Rev. Sean Neil-Barron talks with Dr. Dan McKanan, Ralph Waldo Emerson Unitarian Universalist Senior Lecturer at Harvard Divinity School. They explore how the current trend of increasing economic inequality affects progressivism across religion and politics, how people rise up seeking to come to terms with America’s white supremacist and colonialist legacies, and the complex place that Unitarian Universalism occupies as a progressive religious tradition that is primarily made up of white folks. What is our role to play in movements for change?
In "Fix You," Rev. Gretchen reminds us that we are each worthy of having thriving relationships... but in pursuit of that goal, we may attempt to fix others instead of going where change really begins: inside ourselves. Join Rev. Gretchen as she explores the work of relationship expert Esther Perel to help us start bringing the vibrancy back to our relationships.
Kick off the new year with “Step Zero” - what do you do before you begin? Originally delivered in January 2018 by Revs. Gretchen Haley and Kristen Psaki, this message from the vault explores what we need to let go of before we can move forward.
This week we pull from the archives for a little humor and a little practice. First, we revisit Rev. Sean's "Cereal: From This American Rice" then we dive into a contemplative practice to help us move through stress.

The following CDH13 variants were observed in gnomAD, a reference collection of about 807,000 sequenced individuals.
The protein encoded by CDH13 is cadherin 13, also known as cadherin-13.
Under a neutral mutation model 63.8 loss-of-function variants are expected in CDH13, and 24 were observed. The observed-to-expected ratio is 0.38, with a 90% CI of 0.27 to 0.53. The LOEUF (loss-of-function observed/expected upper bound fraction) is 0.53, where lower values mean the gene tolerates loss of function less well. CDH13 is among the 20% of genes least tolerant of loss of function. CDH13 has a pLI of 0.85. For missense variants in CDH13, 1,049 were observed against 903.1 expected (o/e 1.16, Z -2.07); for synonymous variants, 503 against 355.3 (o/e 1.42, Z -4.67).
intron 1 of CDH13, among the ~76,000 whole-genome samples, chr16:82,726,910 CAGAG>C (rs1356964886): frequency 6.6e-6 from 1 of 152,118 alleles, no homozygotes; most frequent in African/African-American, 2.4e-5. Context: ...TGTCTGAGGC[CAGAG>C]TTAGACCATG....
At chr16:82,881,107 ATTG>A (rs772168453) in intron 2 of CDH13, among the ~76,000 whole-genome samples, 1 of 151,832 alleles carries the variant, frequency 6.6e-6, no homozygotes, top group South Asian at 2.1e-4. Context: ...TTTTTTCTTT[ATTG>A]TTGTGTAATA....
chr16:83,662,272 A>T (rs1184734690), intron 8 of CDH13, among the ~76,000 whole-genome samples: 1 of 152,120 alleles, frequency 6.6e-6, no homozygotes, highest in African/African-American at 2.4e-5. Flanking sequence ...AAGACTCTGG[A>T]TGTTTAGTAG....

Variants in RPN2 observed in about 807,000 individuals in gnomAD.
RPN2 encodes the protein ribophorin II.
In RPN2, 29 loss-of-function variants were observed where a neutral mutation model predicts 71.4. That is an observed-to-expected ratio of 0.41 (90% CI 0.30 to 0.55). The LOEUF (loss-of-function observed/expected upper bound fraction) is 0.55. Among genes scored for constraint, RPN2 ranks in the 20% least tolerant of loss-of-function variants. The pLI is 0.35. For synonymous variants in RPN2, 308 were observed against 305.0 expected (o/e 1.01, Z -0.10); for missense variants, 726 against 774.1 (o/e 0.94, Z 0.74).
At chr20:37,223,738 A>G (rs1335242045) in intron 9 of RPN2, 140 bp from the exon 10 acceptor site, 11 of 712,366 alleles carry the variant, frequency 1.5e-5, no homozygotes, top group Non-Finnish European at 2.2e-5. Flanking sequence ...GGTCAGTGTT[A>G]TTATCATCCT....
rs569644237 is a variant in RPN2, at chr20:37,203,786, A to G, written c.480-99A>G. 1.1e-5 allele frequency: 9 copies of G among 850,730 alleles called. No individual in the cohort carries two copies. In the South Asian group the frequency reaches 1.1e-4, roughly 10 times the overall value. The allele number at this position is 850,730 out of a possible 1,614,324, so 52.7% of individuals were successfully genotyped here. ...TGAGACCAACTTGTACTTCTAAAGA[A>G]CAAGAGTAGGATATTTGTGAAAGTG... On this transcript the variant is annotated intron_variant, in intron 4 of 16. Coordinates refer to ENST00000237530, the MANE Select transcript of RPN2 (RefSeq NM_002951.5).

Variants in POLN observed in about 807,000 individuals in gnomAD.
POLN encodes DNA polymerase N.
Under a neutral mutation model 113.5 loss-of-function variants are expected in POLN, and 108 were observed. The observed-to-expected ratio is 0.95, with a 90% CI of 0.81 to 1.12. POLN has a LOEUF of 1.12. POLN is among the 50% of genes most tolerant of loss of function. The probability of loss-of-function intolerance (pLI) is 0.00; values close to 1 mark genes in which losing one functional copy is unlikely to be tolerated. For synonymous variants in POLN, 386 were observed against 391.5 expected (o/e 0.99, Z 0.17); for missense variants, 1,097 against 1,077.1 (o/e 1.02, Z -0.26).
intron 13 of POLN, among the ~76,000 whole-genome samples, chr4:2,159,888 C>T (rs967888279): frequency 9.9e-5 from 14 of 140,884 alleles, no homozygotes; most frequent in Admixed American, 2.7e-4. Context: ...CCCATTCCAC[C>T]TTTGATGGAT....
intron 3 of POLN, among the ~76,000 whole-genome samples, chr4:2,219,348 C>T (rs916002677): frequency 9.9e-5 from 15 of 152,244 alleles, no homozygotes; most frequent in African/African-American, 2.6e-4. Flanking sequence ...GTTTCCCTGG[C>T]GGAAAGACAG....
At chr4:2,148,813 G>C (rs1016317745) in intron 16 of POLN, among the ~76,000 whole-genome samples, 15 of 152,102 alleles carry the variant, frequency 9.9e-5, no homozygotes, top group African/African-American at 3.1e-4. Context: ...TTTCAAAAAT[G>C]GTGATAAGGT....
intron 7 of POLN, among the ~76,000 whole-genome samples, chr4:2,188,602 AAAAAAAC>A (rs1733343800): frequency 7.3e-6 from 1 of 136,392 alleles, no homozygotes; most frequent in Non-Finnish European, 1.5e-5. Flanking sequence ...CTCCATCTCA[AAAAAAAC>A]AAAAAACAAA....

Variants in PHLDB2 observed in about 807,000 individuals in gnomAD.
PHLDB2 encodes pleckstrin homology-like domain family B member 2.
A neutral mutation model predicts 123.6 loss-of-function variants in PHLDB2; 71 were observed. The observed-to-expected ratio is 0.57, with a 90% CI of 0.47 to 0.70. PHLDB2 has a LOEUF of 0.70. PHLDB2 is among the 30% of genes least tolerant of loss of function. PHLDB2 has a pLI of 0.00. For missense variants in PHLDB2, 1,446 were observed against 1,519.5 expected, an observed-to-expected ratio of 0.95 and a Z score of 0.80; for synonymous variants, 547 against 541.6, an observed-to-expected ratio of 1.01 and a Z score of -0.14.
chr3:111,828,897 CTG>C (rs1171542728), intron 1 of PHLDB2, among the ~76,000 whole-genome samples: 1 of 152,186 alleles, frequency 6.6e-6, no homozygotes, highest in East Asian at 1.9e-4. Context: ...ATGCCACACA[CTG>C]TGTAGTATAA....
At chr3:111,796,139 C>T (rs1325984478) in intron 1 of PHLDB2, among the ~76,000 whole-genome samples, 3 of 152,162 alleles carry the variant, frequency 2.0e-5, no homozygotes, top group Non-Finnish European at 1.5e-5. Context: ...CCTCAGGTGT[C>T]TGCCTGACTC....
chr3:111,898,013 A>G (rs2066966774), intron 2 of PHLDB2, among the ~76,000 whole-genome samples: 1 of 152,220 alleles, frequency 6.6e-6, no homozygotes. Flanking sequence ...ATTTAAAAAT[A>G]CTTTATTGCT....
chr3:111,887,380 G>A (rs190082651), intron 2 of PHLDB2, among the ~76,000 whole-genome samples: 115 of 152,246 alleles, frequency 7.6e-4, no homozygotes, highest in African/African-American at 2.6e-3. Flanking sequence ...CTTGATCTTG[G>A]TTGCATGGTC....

Waiting is a given, but how we wait is up to us. Revs. Gretchen and Sean explore how to develop patience in a culture that emphasizes immediate results and in a pandemic time when the wait never seems to end.
What would happen if you released the idea that there's never enough time? What if you stopped trying to master time and instead found freedom in its limitations?
This week, we're kicking off our December series: Make Room, because this Holiday season we're inviting you to make room for joy, love, hope and being present to the moment. This first week of Make Room, Rev. Gretchen Haley draws on the story of Hanukkah, the cold war, Y2K, and the great resignation, to explore what it means to be prepared.
Rev. Gretchen draws on religious traditions, current events, and the Thanksgiving story to explore what it means to acknowledge the ghosts of our past - our past selves, our past beliefs, our past ways of being - and tend fully to the harm, while not letting go of the hope.
This week we talk about death and memory. Participants in Foothills Unitarian's Thoughtful Endings class, share their experiences with end-of-life directives and explore how life and death are interconnected and inform each other.